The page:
A floating charge is defined in the Act as a charge which, as created, was a floating charge [note 45].
It has been further defined in case law [note 46] as follows:
‘A floating charge is ambulatory [movable] and shifting in its nature, hovering over and, so to speak, floating with the property which it is intended to affect until some event occurs, or some act is done, which causes it to settle and fasten on the subject of the charge within its reach and grasp [also known as crystallisation (see paragraph 40.132)].’
Deciding whether a charge is a fixed charge or a floating charge is a matter of establishing the intentions of the parties in creating the charge and also characterising the charge by reference to law [note 47] (see paragraph 40.130). Even though the parties consider the charge to be of one variety that does not prevent the court from declaring it otherwise [note 48] taking into account the substance not the form of the charge [note 49].
Certain events cause a floating charge to become a fixed charge, meaning that the company can no longer sell the charged property without the consent of the chargeholder. This is known as crystallisation of the charge. Those events are:
In addition to the automatic crystallisation of a floating charge (see paragraph 40.132), the parties may also agree contractually that a floating charge, created by a debenture, may be crystallised into a fixed charge by intervention of the debenture holder [note 55]. Generally, this intervention will be by way of the appointment of a receiver out of court, by may be by service of a notice.
An equitable charge arises where a chargee is entitled to look to an asset or class of assets to discharge a liability [note 56].
It differs from an equitable mortgage (see paragraph 40.123) in that there is no agreement to create a charge or mortgage and the property may only be sold by order of the court.
If registered, an equitable charge can take priority as usual (see paragraph 40.116).
A charging order is defined as a court order giving a judgment creditor security over specified assets of the debtor (usually freehold or leasehold property [note 57].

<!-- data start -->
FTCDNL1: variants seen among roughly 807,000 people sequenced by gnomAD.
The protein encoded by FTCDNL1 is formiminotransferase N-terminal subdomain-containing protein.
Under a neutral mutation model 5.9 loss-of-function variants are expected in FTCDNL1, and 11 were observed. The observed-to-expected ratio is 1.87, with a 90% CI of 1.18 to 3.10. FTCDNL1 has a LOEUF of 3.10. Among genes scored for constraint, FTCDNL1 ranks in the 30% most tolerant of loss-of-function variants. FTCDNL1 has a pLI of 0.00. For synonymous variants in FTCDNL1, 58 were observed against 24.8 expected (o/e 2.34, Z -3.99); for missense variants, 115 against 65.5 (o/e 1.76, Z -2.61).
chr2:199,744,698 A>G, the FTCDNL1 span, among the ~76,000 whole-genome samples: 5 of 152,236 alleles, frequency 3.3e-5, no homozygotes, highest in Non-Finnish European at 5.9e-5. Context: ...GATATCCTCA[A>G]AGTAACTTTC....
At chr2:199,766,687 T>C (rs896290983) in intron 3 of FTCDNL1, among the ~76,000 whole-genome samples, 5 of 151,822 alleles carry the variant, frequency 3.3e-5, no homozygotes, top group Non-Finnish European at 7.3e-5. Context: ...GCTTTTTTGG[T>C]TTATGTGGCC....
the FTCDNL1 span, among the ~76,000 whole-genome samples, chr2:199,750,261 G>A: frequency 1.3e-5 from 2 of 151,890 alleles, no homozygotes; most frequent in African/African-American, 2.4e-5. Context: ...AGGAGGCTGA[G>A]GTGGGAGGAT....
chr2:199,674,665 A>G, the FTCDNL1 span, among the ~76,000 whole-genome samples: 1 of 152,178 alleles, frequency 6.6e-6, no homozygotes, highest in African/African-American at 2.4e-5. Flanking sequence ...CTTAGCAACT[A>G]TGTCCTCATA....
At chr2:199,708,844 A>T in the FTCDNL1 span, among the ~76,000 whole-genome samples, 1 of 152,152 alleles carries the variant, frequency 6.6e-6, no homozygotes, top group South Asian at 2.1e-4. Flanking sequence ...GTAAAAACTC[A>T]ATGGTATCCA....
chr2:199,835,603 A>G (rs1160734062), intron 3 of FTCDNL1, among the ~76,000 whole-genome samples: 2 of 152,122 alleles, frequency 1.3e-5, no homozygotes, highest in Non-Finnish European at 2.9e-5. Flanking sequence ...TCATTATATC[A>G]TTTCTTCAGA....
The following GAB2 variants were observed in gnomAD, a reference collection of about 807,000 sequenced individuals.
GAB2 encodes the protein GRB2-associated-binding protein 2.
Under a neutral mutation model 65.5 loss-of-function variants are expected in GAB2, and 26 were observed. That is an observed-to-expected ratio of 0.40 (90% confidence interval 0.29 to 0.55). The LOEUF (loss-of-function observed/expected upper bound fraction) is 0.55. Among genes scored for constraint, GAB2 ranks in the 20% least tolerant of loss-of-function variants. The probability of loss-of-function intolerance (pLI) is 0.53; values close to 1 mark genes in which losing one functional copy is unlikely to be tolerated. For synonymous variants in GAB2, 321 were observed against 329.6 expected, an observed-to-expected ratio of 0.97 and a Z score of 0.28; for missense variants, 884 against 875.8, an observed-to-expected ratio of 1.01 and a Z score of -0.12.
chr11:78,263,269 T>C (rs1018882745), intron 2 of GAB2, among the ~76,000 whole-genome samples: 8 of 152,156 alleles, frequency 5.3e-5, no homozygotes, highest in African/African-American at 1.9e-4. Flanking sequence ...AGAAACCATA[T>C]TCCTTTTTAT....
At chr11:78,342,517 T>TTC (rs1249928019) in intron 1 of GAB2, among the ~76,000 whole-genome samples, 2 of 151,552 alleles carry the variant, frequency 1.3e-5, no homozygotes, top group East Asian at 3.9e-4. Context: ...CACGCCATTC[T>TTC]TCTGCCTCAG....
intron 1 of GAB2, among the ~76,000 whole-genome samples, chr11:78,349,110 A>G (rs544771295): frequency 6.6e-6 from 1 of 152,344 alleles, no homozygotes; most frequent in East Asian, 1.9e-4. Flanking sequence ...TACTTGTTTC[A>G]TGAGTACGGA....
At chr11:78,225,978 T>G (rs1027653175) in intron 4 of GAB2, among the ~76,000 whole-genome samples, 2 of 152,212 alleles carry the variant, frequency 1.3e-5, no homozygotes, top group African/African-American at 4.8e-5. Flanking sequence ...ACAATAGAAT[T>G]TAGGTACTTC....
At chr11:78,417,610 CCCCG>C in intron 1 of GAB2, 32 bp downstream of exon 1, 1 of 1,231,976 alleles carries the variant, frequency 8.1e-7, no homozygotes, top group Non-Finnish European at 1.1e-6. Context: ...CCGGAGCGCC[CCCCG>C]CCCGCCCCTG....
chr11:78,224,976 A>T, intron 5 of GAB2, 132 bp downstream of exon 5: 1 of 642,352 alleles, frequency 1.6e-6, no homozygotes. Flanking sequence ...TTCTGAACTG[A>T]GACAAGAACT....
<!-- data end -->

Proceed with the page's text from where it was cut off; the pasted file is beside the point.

The order may be made absolutely or subject to conditions such as to notifying the debtor or the date it comes into effect [note 58] and any person interested in the property may apply for an order discharging or varying the charging order [note 59].
Subject to limitation (see paragraph 40.11) [note 61], a solicitor may apply to court for a charging order in respect of costs in relation to a matter for which he/she was acting in bringing proceedings.
Guidance on the effect of such an order against the property of a bankrupt can be found in paragraph 9.119.
A debenture is a written acknowledgement of a debt by a company, usually under seal [note 62], containing provisions as to the payment of interest and repayment of principal (the original loan sum). A debenture does not necessarily provide for security in the form of a charge over the company’s assets, but debentures are usually secured by a floating charge (see paragraph 40.130) or a fixed and floating charge.
A company can create more than one debenture, in which case, unless specified otherwise, they would rank in order of priority according to the dates on which they were created.
A lien is a right to retain possession of another’s property pending the discharge of the indebtedness. A creditor with a lien would generally be treated as a secured creditor in insolvency proceedings [note 63] [note 64].
A pledge is the term to describe the item given to a pawnbroker in return for a loan. If the loan is not repaid within a certain time period, the pawnbroker has the right to sell the goods.
If an insolvent has goods in pawn the guidance in paragraphs 31.0.47a to 31.0.47h should be followed.
A security bill of sale is a bill given to secure payment of monies. Generally it is given over personal assets/chattels.